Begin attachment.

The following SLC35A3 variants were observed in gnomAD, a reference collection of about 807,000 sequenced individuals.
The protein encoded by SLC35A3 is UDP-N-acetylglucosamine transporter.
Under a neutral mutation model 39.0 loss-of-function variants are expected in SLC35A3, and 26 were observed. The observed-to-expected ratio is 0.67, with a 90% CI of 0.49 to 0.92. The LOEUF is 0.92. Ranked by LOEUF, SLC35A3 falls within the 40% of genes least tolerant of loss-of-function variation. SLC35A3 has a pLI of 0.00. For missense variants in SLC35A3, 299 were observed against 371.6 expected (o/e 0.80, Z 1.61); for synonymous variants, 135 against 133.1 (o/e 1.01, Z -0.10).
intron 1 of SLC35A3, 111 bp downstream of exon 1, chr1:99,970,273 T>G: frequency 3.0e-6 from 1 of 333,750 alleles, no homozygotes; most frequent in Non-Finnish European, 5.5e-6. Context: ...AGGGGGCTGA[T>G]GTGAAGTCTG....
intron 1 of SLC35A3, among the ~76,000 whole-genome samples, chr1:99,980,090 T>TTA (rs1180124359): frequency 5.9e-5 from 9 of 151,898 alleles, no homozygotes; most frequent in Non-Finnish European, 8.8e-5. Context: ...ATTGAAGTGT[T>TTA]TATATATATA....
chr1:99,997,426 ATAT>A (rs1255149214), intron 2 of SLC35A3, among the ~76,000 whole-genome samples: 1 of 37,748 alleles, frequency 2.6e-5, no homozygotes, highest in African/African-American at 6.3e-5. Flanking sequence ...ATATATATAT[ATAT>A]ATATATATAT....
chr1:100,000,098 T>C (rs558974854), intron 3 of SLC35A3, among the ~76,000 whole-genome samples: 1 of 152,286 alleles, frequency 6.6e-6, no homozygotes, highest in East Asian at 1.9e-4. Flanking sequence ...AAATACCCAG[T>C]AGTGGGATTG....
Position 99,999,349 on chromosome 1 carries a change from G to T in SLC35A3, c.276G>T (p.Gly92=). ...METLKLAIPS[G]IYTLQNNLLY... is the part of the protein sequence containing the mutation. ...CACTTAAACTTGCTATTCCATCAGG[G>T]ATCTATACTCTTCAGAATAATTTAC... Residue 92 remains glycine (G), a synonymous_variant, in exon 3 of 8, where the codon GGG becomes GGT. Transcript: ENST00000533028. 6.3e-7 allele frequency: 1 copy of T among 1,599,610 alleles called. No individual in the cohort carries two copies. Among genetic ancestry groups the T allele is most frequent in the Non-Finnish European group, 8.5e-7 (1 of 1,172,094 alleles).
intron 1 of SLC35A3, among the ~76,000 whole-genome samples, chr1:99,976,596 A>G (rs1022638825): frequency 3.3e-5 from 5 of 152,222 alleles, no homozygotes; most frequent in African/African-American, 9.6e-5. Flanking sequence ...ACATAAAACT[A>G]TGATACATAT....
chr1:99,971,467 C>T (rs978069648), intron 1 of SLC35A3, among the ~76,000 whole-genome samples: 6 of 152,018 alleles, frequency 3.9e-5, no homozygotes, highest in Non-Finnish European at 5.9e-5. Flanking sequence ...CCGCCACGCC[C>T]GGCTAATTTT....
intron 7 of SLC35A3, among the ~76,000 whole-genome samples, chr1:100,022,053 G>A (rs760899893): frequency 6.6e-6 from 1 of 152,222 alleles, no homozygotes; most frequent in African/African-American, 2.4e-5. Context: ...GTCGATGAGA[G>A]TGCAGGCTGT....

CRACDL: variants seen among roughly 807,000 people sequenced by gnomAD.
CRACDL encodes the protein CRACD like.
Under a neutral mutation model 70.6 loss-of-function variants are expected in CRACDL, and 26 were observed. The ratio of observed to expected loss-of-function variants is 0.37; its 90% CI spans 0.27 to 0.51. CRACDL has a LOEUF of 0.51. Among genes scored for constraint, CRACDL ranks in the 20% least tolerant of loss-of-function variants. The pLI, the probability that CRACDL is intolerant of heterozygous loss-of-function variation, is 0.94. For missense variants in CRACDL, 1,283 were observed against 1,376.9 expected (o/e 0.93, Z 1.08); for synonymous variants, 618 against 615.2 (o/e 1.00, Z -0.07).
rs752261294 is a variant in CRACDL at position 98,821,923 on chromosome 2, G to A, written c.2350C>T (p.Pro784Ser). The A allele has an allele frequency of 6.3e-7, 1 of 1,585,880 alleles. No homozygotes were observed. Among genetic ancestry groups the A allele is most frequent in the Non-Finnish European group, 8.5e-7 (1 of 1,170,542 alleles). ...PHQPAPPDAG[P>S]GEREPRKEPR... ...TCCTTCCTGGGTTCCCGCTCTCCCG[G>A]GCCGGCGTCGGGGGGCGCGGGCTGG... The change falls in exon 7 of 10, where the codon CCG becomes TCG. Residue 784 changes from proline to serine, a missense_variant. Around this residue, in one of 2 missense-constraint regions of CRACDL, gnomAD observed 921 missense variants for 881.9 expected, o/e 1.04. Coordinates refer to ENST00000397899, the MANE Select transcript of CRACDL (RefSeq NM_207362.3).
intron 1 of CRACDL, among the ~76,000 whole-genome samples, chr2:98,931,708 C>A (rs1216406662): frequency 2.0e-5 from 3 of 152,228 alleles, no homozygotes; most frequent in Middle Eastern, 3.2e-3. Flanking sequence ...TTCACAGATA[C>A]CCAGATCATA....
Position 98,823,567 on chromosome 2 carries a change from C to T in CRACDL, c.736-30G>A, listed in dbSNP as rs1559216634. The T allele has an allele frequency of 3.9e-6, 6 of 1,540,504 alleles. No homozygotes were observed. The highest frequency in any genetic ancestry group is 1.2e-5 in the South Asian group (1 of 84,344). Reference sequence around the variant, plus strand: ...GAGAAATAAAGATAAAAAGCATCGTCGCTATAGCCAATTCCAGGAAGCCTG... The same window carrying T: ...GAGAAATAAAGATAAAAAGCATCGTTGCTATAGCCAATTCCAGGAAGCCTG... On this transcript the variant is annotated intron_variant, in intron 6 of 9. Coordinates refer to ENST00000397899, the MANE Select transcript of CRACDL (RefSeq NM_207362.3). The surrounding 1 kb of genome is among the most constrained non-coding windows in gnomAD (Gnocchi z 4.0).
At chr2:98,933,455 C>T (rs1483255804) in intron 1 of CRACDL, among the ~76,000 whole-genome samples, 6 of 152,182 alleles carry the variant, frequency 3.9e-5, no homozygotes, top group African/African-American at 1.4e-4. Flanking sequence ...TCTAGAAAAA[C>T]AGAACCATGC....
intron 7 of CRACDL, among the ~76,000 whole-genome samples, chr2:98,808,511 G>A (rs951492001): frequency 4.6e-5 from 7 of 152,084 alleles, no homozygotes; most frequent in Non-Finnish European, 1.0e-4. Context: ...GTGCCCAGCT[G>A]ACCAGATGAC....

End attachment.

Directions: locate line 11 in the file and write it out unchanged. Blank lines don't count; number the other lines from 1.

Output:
intron 7 of SLC35A3, among the ~76,000 whole-genome samples, chr1:100,022,053 G>A (rs760899893): frequency 6.6e-6 from 1 of 152,222 alleles, no homozygotes; most frequent in African/African-American, 2.4e-5. Context: ...GTCGATGAGA[G>A]TGCAGGCTGT....